There's Something About Maui
Residents protect their environment & culture but welcome new developments
The cafeteria at Hale Makua is full of seated diners waiting to be served. Some already have eaten, including the wheelchair-bound man parked by the courtyard outside the lunchroom. A nurse had spoon-fed him earlier. Hale Makua is a nonprofit organization offering foster care, a nursing home and rehabilitation services for elderly people on Maui. In the next year, there are plans to add an air-conditioned cafeteria, 30 more parking stalls and 15 more beds to the facility (in the year 2000, all of Maui county’s 200 nursing-home beds were filled).
The $2.5 million addition to Hale Makua, however, is just a temporary solution. Its executives and other community leaders are concerned about the future of Maui’s elderly and have formed the Maui Long Term Care Health Partnership, aimed at improving health care options for older adults by the year 2020.
TECHNOLOGY: Maui Mecca
Maui’s high-tech industry employs 1,000 and is on target to generate $121 million in gross annual sales this year. High technology lends itself to the tourism industry, as well. Case in point: Last year, visitors to the Maui High Performance Computing Center and its related conferences generated 10,200 visitor nights, or $10.2 million in overall sales.
* For more information about Maui’s high-tech industry, click here.
Although Maui county’s population of 128,000 is relatively young, with a median age of 36.8 years, more than 12 percent is 65 and older. This particular age group relies on Medicare, Medicaid and other government funds. It’s an unhealthy practice, as in the rest of the nation. "The [elderly] population is growing so fast that government reimbursements are not keeping up," says Tony Krieg, chief executive officer of Hale Makua. Roughly 12 percent of his nursing home clients either pay out-of-pocket or have long-term-care insurance. "No one wants to pay for elderly care, as long as the government still pays for it. We’re in for some hard times if we don’t change our mentality," he says.
|Population and Economic Projections 1998-2025|
|Forecast Variables||Historical 1998||Projected 2005||Projected 2010||Projected 2015||Projected 2020||Projected 2025|
|Population (in thousands)||122.1||128.6||136.4||144||151.2||158.7|
| Personal Income
(in milllions of 1992 dollars)
|Total Civilian Jobs (in thousands)||73.7||83.3||94.1||99.1||106.9||114.9|
|Wage and Salary Employment||58||65.2||71.7||78||84.3||91|
|Average Daily Visitors (in thousands)||44.8||55.6||62.6||69||76||83.8|
| Maui’s Market Share of Average Daily Visitors
|# of Occupied Visitor Rooms||13,577||16,744||18,405||20,289||22,365||24,653|
|# of Visitor Rooms Demanded||18,650||20,419||22,309||24,593||26,946||29,702|
|SOURCE: HAWAII STATE DEPARTMENT OF BUSINESS, ECONOMIC DEVELOPMENT AND TOURISM|
|Population by Age Group|
|5 to 9 yrs||9,079|
|10 to 17 yrs||9,336|
|18 to 21 yrs||8,658|
|22 to 24 yrs||6,970|
|25 to 34 yrs||17,723|
|35 to 44 yrs||21,891|
|45 to 54 yrs||19,823|
|55 to 59 yrs||6,599|
|60 to 64 yrs||4,807|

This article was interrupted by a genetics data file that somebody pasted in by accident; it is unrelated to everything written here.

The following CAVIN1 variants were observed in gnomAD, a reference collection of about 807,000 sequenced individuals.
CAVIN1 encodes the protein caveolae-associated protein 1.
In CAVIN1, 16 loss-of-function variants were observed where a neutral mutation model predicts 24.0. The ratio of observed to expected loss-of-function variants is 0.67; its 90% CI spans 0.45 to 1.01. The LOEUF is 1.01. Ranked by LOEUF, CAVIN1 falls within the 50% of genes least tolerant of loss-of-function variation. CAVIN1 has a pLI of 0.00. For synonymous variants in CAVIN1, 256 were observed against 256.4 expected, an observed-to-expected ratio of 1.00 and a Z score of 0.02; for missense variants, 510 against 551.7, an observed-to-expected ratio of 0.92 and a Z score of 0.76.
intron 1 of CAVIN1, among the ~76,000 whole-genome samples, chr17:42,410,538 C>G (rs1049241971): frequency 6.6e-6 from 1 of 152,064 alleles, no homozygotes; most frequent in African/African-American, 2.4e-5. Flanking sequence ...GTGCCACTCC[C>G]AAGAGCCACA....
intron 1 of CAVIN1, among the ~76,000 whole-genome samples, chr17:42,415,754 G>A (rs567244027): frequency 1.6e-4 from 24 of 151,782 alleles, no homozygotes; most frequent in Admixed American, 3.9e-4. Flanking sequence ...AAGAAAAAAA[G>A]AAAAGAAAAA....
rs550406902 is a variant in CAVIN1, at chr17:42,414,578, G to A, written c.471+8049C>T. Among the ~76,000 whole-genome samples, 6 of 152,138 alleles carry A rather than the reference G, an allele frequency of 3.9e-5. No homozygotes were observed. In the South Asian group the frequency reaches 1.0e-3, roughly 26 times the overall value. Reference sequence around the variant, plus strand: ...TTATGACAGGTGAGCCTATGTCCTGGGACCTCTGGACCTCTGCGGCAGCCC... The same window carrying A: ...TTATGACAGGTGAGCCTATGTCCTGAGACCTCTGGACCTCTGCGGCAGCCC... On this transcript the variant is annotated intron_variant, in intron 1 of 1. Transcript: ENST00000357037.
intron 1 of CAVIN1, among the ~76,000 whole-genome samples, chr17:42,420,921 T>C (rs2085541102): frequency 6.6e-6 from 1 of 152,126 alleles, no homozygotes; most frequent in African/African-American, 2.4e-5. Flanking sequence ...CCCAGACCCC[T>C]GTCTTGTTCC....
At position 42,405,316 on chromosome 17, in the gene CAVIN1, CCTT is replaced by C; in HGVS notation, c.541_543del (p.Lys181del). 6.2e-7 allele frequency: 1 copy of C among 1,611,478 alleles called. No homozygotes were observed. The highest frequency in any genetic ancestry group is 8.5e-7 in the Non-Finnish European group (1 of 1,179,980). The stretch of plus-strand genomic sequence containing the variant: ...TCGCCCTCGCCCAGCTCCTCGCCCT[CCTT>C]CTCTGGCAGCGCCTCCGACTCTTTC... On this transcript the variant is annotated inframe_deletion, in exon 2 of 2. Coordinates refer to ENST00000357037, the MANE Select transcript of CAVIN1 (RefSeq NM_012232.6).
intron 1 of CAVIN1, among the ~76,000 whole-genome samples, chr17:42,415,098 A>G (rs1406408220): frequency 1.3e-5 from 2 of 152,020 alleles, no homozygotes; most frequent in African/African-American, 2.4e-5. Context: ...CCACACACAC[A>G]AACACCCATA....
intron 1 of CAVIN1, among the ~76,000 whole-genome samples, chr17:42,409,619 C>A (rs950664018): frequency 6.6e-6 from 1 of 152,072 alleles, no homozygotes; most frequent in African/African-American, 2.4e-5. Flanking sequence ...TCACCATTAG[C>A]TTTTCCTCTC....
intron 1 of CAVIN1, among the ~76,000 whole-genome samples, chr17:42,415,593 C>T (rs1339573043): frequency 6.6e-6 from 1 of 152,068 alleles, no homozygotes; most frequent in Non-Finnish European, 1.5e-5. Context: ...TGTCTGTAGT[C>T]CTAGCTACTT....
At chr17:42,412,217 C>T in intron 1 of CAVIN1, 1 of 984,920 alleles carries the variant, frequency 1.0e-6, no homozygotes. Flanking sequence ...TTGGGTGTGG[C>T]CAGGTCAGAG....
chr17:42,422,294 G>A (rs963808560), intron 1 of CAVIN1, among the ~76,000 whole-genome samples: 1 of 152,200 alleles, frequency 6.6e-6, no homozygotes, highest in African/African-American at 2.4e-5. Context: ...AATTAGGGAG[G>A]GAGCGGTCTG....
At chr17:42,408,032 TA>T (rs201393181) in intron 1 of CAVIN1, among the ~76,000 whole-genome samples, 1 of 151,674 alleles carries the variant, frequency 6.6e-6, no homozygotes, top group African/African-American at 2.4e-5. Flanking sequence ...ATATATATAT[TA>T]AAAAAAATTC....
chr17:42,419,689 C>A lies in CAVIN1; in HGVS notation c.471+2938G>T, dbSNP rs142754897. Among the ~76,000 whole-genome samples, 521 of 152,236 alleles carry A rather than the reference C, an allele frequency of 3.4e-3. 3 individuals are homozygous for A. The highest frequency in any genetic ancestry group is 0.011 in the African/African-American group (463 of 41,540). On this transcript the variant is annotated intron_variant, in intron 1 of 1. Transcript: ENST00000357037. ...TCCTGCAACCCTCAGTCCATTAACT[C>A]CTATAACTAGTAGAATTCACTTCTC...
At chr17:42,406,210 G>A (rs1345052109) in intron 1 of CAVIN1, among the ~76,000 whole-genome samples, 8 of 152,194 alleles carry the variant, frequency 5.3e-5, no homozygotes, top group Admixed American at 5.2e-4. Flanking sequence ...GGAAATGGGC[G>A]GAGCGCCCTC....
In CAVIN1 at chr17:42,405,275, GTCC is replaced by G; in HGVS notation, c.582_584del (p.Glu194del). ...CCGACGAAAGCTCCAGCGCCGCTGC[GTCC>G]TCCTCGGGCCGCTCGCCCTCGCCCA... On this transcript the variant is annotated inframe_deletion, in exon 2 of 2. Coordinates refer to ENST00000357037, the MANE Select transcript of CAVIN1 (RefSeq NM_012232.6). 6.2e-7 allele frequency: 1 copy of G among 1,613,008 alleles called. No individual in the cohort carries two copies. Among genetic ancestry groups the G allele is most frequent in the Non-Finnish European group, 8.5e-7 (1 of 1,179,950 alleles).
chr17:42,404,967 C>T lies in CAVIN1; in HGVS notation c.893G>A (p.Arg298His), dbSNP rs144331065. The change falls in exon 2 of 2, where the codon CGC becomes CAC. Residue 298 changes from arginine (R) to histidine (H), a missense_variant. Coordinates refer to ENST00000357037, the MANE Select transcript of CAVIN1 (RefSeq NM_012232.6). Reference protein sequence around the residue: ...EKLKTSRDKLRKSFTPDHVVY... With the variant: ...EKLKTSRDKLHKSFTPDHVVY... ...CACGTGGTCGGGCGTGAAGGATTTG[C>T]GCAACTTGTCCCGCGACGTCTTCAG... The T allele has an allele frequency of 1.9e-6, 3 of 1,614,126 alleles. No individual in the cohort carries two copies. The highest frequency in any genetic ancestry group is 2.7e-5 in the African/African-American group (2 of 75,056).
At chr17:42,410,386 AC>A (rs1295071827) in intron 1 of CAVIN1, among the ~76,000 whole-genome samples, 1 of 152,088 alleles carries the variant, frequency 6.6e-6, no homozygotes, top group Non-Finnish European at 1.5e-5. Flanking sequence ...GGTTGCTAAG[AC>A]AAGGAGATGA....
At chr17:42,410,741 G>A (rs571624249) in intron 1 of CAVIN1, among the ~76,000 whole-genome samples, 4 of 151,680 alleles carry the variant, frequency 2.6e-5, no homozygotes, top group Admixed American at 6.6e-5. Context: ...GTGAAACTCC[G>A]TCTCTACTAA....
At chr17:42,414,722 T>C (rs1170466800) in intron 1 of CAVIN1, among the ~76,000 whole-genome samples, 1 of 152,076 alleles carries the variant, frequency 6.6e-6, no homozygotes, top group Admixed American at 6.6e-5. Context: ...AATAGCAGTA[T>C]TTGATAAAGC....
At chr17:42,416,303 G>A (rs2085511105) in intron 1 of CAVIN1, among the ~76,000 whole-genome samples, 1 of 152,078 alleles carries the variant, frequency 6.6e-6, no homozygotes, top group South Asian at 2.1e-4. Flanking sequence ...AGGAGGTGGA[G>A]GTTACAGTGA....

|65 to 74 yrs||7,715|
|75 to 84 yrs||5,272|
|85 yrs & older||1,642|
It’s hard to believe that this is the same Maui that draws hip, youth-oriented surfers and New Age, medical practitioners; the sophisticated Maui that hosts the annual Maui Film Festival and the Mercedes Championships Golf Tournament; geeky Maui, home of the world’s fastest supercomputer and a top-secret observatory atop Haleakala.
This tug-of-war between the old and new, present and future, mirrors challenges faced by the county. Maui enjoys its world-class reputation. But its people fight mundane problems, such as elderly care and congested highways. Posh resorts and gated communities dot the island like plastic pieces on a Monopoly board, yet the environment can only handle so much construction. Sustainable development is the key to a successful Maui. Uncontroll- able growth scares local residents, some of whom cannot even buy homes, simply because there are not enough affordable houses on Maui.
Sky-high home prices and the desperate need for new, multi-lane highways were issues that Mayor Alan Arakawa immediately faced after taking office in January. One of the first things his new administration did was to halt a handful of permits that had been approved by the previous government. Residential projects at Maliko Point and Palauea Bay, for example.
"There are rumors that we’re trying to stop development, but that is absolutely incorrect," the mayor says. "What we did was stop developments that were allowed to process improperly. At the end of the last administration, a flurry of permits was passed. We looked into them because there were complaints, and what we found were permits that were not done under the normal process." Everyone must play by the rules, he says.
|Real Estate Sales Volume By Month|
|SOURCE: Realtors Association of Maui|
|Real Estate Sales Median By Month|
|SOURCE: Realtors Association of Maui|
To monitor Maui’s growth, the mayor’s team and the Office of Economic Development have created a new group called the Business Advocacy Task Force. Its goals are to: attract and retain local workers; form partnerships with other economic organizations; and improve the overall health of Maui county. Again, the key is sustainable development. "We can assure that we won’t ruin our justification as the world’s best island destination by overdeveloping areas that are sensitive and should not be developed," Arakawa says. "It’s very critical for us to keep up with our infrastructure." He adds: "We’ll develop in areas, such as affordable housing."
Housing for the Masses